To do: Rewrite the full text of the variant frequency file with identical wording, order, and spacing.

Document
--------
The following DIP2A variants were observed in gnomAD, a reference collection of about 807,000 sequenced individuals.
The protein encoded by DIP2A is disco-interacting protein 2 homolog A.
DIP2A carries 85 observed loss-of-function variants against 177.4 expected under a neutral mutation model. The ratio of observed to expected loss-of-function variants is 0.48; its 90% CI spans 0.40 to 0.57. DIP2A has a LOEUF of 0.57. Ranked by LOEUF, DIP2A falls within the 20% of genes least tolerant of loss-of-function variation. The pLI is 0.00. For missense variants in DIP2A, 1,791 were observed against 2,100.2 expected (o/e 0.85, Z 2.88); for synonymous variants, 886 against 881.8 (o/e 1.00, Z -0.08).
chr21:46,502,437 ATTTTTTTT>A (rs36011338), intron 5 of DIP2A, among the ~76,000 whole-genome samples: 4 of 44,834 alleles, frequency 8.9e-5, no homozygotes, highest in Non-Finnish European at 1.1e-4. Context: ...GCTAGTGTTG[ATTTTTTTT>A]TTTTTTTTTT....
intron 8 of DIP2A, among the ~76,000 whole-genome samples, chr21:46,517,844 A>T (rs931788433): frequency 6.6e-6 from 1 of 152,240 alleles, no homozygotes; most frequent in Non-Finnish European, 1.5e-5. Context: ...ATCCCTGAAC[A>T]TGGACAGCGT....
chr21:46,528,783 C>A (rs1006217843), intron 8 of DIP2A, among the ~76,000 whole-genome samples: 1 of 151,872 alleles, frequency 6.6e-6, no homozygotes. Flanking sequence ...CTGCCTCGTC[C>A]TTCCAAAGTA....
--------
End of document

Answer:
The following DIP2A variants were observed in gnomAD, a reference collection of about 807,000 sequenced individuals.
The protein encoded by DIP2A is disco-interacting protein 2 homolog A.
DIP2A carries 85 observed loss-of-function variants against 177.4 expected under a neutral mutation model. The ratio of observed to expected loss-of-function variants is 0.48; its 90% CI spans 0.40 to 0.57. DIP2A has a LOEUF of 0.57. Ranked by LOEUF, DIP2A falls within the 20% of genes least tolerant of loss-of-function variation. The pLI is 0.00. For missense variants in DIP2A, 1,791 were observed against 2,100.2 expected (o/e 0.85, Z 2.88); for synonymous variants, 886 against 881.8 (o/e 1.00, Z -0.08).
chr21:46,502,437 ATTTTTTTT>A (rs36011338), intron 5 of DIP2A, among the ~76,000 whole-genome samples: 4 of 44,834 alleles, frequency 8.9e-5, no homozygotes, highest in Non-Finnish European at 1.1e-4. Context: ...GCTAGTGTTG[ATTTTTTTT>A]TTTTTTTTTT....
intron 8 of DIP2A, among the ~76,000 whole-genome samples, chr21:46,517,844 A>T (rs931788433): frequency 6.6e-6 from 1 of 152,240 alleles, no homozygotes; most frequent in Non-Finnish European, 1.5e-5. Context: ...ATCCCTGAAC[A>T]TGGACAGCGT....
chr21:46,528,783 C>A (rs1006217843), intron 8 of DIP2A, among the ~76,000 whole-genome samples: 1 of 151,872 alleles, frequency 6.6e-6, no homozygotes. Flanking sequence ...CTGCCTCGTC[C>A]TTCCAAAGTA....